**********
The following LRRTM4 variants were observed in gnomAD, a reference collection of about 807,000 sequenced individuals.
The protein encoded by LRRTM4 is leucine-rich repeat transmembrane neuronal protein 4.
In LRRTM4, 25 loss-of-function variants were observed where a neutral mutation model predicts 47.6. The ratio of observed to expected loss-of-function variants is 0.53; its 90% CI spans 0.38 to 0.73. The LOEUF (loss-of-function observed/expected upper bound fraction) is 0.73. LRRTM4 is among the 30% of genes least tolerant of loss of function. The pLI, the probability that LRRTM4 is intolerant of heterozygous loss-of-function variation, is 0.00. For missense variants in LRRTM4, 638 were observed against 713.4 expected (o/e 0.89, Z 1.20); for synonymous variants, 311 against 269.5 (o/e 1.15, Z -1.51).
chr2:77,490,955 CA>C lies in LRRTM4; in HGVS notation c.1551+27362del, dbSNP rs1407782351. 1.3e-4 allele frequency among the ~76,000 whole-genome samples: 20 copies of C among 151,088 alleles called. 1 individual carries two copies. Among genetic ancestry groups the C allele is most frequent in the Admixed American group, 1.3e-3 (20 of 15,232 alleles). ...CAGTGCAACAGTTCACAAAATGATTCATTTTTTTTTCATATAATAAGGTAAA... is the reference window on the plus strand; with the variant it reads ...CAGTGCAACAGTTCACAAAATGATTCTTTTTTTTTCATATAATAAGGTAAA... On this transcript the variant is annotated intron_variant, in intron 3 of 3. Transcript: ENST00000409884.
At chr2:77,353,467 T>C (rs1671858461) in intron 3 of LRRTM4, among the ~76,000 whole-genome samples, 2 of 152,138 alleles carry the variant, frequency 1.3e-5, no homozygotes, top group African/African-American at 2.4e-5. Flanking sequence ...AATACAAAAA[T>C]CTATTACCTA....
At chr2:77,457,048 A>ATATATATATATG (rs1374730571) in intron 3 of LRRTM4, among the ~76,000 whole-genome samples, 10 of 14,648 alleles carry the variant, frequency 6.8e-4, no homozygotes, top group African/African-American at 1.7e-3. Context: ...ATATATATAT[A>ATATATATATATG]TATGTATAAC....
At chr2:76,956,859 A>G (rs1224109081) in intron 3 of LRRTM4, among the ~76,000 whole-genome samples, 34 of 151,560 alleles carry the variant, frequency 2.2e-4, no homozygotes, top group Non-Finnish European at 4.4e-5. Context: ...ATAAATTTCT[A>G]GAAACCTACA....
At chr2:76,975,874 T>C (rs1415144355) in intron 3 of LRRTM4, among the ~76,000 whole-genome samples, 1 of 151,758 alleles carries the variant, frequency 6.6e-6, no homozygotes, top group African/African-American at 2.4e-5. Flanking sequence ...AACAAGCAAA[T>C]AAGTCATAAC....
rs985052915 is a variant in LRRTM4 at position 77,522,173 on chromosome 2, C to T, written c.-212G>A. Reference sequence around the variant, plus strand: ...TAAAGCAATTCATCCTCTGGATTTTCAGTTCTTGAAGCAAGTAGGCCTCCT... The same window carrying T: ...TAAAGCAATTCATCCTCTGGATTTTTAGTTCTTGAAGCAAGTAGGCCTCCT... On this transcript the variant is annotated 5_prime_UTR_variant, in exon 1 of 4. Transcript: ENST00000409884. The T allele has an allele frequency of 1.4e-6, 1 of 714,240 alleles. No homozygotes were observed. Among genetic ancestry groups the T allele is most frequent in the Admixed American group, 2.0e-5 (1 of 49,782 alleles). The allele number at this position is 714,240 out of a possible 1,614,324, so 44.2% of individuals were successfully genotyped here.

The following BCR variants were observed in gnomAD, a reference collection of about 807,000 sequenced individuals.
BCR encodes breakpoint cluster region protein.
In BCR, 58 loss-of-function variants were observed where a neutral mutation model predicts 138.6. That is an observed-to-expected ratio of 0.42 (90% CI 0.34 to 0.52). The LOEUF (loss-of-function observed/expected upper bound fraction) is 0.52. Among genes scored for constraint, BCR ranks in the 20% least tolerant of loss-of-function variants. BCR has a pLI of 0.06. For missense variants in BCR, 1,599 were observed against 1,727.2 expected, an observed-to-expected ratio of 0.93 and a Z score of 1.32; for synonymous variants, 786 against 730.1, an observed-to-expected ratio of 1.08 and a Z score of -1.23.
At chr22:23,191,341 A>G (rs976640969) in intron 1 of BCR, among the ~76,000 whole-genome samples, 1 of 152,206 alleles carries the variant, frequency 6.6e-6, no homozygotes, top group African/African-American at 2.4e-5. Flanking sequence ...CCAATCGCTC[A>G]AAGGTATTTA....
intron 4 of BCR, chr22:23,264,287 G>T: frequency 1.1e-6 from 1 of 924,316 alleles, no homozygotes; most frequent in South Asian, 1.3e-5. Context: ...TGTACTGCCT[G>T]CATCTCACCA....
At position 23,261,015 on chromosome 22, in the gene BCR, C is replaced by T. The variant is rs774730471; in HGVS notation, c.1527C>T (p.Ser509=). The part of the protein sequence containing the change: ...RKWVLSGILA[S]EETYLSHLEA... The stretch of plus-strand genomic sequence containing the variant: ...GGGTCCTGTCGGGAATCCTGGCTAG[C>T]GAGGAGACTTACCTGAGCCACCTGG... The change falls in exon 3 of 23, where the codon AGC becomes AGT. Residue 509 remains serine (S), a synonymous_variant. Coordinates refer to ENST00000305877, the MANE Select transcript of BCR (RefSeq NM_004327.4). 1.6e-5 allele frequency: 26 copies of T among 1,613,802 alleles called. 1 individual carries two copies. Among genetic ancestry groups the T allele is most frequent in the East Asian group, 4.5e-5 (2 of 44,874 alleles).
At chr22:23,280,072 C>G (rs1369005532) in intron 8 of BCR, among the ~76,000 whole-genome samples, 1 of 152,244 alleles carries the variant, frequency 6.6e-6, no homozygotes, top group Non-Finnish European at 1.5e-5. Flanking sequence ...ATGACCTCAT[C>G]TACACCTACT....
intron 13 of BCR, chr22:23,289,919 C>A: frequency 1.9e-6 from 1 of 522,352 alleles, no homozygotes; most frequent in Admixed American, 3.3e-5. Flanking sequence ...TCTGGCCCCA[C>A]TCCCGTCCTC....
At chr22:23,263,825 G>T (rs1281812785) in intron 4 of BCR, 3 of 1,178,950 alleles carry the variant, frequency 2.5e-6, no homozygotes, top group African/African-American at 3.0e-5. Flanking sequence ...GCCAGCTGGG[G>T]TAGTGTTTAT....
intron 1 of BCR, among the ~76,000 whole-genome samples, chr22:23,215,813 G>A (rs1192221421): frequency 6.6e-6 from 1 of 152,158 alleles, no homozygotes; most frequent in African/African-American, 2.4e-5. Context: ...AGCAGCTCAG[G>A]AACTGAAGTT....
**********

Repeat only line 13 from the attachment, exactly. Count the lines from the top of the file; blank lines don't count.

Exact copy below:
At chr22:23,191,341 A>G (rs976640969) in intron 1 of BCR, among the ~76,000 whole-genome samples, 1 of 152,206 alleles carries the variant, frequency 6.6e-6, no homozygotes, top group African/African-American at 2.4e-5. Flanking sequence ...CCAATCGCTC[A>G]AAGGTATTTA....